September 12, 2015 5:45 AM | Lena LeRay
I've played a couple of demos of Speelbaars' Lumini in the past. The first time I tried it, the demo showed off the basic mechanics of the game really well, but not much else. The second demo showed off more about the environments and what could be expected of level design in the game. So I thought I was prepared for the game, going in, but the truth is that although I already knew how to play the game, I was unprepared for the experience I got. Lumini is so much more than the sum of its parts. It feels kind of like something ThatGameCompany (Journey, Flower, Flow) would make in terms of emotional impact and storytelling, but has gameplay closer to what most people are familiar with.
In Lumini, the player plays a flock/school of flying fish-like creatures. There are four different types, including the basic tutorial ones with no special abilities. Those are purple. The other three are in primary colors: blue, with a speed burst ability; yellow, with the ability to pick up collectables at a distance; and red, with the ability to kill enemies instead of stunning them like the other kinds do. The flock can be split into two groups for operating simultaneous switches and the like, but a lot of the game is about exploring the environment, collecting things, and avoiding losing members of the flock to the dangers in the environment. The most numerous collectable is consumed at checkpoints to create more creatures and increase the number in the flock.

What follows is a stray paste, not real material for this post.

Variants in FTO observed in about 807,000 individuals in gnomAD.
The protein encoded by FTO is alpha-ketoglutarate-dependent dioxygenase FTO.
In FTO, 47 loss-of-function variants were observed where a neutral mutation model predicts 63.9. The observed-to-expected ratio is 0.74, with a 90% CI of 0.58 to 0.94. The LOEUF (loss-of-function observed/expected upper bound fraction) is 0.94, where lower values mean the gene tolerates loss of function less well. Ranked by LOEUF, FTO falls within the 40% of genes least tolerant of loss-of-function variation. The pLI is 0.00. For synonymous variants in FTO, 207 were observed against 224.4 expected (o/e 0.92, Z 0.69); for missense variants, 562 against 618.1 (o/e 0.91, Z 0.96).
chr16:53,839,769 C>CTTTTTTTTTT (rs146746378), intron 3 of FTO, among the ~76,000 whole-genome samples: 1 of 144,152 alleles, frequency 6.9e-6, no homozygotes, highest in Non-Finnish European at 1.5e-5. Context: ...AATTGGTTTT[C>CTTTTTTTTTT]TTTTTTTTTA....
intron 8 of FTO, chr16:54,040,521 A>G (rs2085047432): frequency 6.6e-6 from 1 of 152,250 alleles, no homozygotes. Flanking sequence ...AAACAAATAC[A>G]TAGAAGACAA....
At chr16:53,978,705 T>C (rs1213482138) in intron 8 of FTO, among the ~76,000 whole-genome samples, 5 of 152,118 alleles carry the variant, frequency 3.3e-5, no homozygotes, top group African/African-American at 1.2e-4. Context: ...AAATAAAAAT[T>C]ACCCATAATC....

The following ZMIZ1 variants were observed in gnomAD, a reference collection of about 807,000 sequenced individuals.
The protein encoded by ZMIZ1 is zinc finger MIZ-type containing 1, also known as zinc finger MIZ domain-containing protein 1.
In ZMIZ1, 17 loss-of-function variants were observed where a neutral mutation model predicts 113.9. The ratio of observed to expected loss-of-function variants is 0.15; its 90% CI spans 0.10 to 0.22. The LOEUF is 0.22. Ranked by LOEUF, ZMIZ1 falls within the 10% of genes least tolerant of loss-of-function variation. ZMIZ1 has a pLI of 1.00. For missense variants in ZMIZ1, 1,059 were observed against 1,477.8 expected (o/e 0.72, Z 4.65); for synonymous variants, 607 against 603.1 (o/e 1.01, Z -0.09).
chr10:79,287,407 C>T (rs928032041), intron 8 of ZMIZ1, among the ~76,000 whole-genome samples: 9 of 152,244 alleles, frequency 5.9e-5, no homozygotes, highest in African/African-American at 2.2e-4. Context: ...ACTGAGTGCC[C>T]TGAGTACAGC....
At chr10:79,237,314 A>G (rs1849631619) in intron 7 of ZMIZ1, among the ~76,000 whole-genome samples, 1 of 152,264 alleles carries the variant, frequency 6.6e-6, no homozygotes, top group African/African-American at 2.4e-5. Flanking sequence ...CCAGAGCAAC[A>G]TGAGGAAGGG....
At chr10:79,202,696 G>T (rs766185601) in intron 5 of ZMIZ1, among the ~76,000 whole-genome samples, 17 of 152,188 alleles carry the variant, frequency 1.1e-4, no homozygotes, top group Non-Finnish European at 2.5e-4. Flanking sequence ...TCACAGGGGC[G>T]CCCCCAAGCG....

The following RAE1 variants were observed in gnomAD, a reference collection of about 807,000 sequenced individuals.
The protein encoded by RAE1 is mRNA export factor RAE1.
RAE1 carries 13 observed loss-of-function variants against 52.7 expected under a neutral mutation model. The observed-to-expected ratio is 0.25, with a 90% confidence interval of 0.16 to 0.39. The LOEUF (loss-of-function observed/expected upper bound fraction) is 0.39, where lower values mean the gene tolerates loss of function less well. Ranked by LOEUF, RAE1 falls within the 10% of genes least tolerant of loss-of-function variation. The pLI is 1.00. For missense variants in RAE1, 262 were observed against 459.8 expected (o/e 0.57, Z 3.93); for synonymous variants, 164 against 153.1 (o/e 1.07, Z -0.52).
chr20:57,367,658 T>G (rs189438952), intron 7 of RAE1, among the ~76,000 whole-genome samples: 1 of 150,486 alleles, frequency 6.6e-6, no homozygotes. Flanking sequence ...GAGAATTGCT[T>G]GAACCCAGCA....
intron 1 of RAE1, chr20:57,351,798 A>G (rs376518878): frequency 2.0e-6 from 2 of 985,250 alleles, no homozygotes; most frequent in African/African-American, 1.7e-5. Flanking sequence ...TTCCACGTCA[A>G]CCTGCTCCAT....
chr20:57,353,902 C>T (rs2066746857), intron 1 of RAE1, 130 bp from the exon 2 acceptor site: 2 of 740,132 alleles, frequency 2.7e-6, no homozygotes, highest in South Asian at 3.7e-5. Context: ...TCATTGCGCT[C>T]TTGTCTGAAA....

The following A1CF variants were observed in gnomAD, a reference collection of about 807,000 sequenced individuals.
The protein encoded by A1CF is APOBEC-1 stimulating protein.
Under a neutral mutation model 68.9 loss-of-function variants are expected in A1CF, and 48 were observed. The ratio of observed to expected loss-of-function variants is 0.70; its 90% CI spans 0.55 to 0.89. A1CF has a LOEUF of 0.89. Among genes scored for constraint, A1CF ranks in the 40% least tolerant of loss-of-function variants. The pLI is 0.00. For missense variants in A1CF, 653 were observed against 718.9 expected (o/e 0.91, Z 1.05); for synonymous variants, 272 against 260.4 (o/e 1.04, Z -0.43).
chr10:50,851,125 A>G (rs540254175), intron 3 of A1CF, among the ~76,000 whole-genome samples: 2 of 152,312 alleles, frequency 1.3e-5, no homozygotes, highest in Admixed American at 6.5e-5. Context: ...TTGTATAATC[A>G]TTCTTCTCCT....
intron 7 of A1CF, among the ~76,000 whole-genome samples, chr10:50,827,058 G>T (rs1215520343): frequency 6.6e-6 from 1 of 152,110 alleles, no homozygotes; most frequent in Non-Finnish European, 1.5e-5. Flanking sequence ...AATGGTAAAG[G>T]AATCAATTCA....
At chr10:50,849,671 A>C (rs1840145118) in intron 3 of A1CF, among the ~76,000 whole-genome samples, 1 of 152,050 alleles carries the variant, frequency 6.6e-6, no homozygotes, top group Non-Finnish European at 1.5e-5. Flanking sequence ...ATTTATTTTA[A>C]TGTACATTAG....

These creatures are on a journey to save the world. There's more to the story than that, but it's never given to you in words. The game is in 3D, but the gameplay happens on a 2D plane and the story is told via the background. That's where evidence of the backstory is shown along with the current state of the world. The environmental storytelling is enhanced by the variety of dangers found in each part of the world. Dynamic audio is leveraged not just to warn the player that danger is near, but to highlight every story moment and transition from one part of the world to another.
It's proving very difficult to keep this review from sounding too dry. It's easier to list all the things that go into making Lumini great than it is to explain how it's great. It hooked me with the start menu screen, which plays a tinkling melody over atmospheric sounds when you're not doing anything, but plays background instrumentals to the melody you create by interacting with the menu. This is one of those games that had me engaged the whole time I was playing and left a, "Well, gee, what do I do with myself now?" feeling in its wake.
If it sounds like something that would interest you, you can get Lumini for Windows, Mac, and Linux via Steam for $12.99. I can't really slap a genre on it, though the closest thing I can think of is adventure game with lots of collecting. This is one of those games that isn't quite like anything else.